This may surprise many of you, but I am a technological conservative. I rarely get excited about the “Next Big Thing” that will “change the world.” They rarely do — and I don’t adopt things until I can personally see utility that supersedes the old model by enough of a margin to justify the opportunity cost of changing my habits. I frustrate some of my more technologically progressive friends by resisting change until it suits me. I also get mad when I’m forced into a technological downgrade due to a company’s commercial interests. Some good examples of my recent frustrations in this area include Apple’s decision to get rid of most of the ports on their “Pro” laptops and Facebook’s forced transition to a separate app for Facebook Messenger.

That being said, I have noticed some significant changes in my behavior over the past half-decade or so, particularly in media consumption and transportation, both related to the Network. I am more likely to buy books on Kindle than I used to be, and that is usually because of a need for immediate gratification and the added benefit of synchronization across various devices. I recently took my first trip ever where I didn’t pack a paper book. While I still enjoy the serendipity of browsing through CDs, I find that I’m increasingly buying my audio in downloadable form. Both of these are partial shifts, impacting perhaps 50% of my media purchasing these days.

My video consumption, on the other hand, has shifted almost 100%. Other than sports, I watch almost nothing live anymore. I can’t be bothered to conform my schedule to that of some random network scheduler. That means that, unlike 1985, there are no more “Must-See Thursdays” in my life. If I want go out or my kids have a game, I can do that when I want, regardless of what’s on. I don’t feel the need to fuss with DVR or recording a VHS tape anymore, either. I watch what’s available on Netflix, Amazon Prime, or HBOGo. I buy a very limited selection of movies, but more and more, I won’t buy a DVD/Blu-ray unless it comes with a free digital download. In most cases, the physical media don’t even get used.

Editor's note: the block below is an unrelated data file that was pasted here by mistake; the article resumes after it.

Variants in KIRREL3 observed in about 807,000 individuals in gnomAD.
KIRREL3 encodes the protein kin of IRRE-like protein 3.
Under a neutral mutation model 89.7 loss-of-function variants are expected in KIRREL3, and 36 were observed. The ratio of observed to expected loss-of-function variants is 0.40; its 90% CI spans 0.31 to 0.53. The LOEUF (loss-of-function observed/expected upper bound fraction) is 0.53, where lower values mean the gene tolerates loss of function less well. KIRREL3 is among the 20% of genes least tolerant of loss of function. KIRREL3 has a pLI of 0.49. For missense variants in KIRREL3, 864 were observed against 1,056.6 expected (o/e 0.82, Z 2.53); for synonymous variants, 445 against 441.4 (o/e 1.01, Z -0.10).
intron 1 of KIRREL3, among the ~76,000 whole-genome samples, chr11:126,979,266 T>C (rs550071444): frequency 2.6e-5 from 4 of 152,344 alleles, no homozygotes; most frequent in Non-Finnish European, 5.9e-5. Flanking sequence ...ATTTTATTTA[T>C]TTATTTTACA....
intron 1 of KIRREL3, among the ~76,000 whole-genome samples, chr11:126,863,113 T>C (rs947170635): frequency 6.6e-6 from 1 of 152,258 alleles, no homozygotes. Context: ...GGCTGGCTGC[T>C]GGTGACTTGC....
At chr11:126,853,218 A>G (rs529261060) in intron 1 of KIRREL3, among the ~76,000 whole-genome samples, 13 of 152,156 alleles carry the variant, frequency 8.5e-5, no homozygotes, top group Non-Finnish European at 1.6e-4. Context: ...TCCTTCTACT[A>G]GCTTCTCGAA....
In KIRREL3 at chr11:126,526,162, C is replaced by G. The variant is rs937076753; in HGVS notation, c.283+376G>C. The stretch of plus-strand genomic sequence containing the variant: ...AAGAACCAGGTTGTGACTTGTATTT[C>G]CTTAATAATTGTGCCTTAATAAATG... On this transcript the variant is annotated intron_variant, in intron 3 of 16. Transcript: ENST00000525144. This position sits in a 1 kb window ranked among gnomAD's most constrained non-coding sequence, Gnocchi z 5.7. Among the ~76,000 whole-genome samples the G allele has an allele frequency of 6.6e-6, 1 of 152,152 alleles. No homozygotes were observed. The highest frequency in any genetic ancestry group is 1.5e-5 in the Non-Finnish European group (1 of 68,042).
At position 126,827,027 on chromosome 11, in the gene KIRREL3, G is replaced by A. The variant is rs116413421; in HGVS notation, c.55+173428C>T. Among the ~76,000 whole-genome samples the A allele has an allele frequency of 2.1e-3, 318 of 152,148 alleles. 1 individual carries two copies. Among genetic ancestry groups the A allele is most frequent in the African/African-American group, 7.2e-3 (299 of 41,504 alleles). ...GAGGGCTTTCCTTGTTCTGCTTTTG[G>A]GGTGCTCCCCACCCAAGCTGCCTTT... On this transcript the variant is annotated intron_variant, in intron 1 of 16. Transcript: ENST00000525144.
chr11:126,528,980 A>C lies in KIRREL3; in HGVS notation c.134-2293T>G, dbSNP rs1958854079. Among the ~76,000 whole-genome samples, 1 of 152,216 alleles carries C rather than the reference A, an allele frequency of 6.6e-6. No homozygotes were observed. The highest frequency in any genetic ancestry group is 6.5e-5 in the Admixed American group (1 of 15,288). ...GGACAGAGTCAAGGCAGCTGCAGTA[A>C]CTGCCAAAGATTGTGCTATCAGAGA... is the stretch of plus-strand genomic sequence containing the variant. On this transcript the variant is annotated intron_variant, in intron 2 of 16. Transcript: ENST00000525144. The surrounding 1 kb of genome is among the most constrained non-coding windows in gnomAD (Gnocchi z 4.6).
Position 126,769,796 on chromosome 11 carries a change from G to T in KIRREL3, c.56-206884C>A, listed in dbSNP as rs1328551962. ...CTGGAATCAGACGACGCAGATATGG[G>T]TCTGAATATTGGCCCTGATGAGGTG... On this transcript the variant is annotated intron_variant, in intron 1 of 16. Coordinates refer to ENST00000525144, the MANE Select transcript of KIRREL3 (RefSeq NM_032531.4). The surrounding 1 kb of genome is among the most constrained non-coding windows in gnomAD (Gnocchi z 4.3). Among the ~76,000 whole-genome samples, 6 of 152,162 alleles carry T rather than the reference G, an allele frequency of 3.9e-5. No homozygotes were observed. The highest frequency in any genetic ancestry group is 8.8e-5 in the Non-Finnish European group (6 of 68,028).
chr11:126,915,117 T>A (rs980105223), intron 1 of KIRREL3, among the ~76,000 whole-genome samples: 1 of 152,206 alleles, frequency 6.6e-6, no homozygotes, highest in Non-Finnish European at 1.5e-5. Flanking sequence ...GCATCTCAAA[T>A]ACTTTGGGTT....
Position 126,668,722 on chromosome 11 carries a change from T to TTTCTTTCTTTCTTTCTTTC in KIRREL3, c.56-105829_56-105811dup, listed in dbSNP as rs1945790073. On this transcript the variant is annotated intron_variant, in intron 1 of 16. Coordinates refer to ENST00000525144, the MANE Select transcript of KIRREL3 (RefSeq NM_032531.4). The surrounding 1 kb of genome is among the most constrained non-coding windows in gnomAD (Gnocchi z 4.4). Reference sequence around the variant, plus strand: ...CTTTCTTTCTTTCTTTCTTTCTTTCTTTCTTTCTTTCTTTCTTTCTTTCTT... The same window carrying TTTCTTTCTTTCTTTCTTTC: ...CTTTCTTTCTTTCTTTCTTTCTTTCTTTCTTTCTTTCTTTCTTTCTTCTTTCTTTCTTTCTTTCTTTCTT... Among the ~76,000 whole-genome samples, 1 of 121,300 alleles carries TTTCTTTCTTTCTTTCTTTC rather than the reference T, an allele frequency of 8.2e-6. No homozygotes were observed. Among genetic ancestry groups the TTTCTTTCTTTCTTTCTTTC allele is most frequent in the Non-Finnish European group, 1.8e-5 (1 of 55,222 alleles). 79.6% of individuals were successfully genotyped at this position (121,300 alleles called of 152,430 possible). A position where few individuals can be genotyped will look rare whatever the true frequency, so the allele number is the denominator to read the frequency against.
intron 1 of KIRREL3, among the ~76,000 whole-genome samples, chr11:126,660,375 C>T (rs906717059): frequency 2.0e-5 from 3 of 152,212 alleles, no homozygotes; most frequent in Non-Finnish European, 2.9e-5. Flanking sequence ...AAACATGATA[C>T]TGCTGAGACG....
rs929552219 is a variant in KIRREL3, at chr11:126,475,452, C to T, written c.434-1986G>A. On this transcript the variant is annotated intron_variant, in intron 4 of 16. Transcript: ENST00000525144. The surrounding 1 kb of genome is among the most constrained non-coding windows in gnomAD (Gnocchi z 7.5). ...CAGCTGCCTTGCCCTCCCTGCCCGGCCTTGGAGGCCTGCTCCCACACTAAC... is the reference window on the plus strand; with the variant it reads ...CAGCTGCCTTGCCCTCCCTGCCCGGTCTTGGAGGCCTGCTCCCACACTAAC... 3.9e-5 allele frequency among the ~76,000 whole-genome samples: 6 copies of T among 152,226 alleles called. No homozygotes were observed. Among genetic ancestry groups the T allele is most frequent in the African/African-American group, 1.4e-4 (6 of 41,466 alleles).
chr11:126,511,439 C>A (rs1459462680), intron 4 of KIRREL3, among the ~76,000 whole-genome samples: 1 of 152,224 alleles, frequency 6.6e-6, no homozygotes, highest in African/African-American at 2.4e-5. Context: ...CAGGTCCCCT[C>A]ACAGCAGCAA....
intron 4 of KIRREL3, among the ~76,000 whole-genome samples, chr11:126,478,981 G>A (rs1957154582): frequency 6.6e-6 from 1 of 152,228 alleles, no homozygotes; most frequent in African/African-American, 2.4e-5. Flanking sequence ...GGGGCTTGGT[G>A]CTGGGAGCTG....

In the area of transportation, I have to ask myself, how many of the fossil fuel-driven “dumb” cars that Bryan Alexander references have Google Maps running on their phone? I am a heavy user of Google Maps. Even when I know where I am going, I run the route before departing to warn me of unexpected traffic. In the past few years, rideshare services like Uber and Lyft have exploded onto the scene. They are heavily dependent on Google Map-like software to get their drivers where they are needed as quickly as possible. While not a Tesla, my Mazda 6 includes sensors that warn me of nearby objects when I back up or when someone is sitting in my blind spot; the car also adapts its cruise control to vehicles in front of me. When I am driving a car without these features now, I really notice it.

The one thing I don’t know, and that neither Bryan Alexander nor I can see with our eyes, is just how widely diffused these technologies are. There is plenty of evidence that “the Network” has proliferated far more rapidly than “physical” technologies, such as those described by Edgerton. While the developing world may have become a technological junkyard, those pieces are being repurposed into cutting-edge technologies, perhaps leapfrogging the ideas being produced in the technologically fat and happy “developed” world. While transportation in crowded urban centers remains challenging, friction-free dispatching and navigation services are now facilitating it.

What Edgerton argues persuasively is that when people see a need, they will adapt their tools to that need. “The Network” facilitates tool adaptation in ways unimaginable in 1985 or even when Edgerton was writing 20 years later. While I may not have my hoverboard, I can watch Marty McFly anytime without physical media (he inhabits my iTunes library). In the very near future, I will be able to experience him in a VR environment from my sofa so I can get the hoverboard experience without risking injury to my knees. The outside world will continuously adapt to these new realities. In the meantime, the street will look much the same, but those of us who have taken the red pill will see the matrix that imperceptibly lies beneath it.